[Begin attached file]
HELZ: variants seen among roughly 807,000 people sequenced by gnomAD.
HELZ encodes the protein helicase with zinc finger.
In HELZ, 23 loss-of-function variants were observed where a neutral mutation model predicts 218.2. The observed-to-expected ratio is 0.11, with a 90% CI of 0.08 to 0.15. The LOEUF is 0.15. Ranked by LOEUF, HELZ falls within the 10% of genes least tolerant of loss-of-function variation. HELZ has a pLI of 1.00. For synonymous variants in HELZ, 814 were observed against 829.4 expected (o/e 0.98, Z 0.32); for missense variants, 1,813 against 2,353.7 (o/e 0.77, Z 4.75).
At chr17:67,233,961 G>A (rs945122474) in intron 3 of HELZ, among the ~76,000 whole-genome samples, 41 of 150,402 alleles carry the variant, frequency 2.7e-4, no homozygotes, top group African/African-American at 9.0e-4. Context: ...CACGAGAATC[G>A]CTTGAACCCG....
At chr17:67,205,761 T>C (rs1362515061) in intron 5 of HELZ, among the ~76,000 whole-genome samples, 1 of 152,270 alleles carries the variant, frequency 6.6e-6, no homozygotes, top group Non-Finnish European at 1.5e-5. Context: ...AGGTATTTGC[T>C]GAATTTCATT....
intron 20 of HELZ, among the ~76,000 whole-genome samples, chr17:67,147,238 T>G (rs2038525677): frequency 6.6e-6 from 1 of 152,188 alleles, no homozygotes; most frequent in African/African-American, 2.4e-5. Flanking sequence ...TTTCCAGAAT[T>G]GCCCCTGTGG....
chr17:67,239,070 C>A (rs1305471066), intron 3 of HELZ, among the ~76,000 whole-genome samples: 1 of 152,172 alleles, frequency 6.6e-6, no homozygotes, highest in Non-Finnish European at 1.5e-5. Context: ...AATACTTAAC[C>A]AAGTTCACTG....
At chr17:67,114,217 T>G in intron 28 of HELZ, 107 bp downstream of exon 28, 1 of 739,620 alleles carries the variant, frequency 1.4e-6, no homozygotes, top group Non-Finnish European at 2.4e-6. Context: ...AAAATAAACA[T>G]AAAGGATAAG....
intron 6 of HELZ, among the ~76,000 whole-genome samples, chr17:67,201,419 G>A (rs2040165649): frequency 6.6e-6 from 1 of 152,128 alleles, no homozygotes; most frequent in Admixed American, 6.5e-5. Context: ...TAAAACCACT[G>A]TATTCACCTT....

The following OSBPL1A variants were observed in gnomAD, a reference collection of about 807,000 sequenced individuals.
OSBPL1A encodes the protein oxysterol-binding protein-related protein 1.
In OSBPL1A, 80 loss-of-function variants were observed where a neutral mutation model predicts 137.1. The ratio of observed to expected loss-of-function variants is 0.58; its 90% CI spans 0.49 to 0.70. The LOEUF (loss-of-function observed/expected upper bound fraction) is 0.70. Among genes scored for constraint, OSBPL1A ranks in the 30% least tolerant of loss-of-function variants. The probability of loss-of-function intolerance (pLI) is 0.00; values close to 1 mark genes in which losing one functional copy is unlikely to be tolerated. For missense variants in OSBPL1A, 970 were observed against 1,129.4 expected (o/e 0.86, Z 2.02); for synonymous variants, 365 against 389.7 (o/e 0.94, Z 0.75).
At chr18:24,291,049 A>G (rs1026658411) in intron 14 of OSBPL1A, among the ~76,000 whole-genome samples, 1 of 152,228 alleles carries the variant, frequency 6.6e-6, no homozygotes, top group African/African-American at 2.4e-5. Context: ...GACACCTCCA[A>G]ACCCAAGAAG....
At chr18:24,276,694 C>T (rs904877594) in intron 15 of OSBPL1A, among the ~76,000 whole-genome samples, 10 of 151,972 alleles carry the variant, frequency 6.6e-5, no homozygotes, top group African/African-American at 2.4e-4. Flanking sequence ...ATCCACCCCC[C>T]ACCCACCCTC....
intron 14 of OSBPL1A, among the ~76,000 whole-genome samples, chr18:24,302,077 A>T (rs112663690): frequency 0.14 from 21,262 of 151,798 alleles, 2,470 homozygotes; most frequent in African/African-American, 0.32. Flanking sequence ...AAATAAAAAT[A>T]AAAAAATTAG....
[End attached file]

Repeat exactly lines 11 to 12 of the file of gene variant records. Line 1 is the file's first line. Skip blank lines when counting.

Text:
OSBPL1A encodes the protein oxysterol-binding protein-related protein 1.
In OSBPL1A, 80 loss-of-function variants were observed where a neutral mutation model predicts 137.1. The ratio of observed to expected loss-of-function variants is 0.58; its 90% CI spans 0.49 to 0.70. The LOEUF (loss-of-function observed/expected upper bound fraction) is 0.70. Among genes scored for constraint, OSBPL1A ranks in the 30% least tolerant of loss-of-function variants. The probability of loss-of-function intolerance (pLI) is 0.00; values close to 1 mark genes in which losing one functional copy is unlikely to be tolerated. For missense variants in OSBPL1A, 970 were observed against 1,129.4 expected (o/e 0.86, Z 2.02); for synonymous variants, 365 against 389.7 (o/e 0.94, Z 0.75).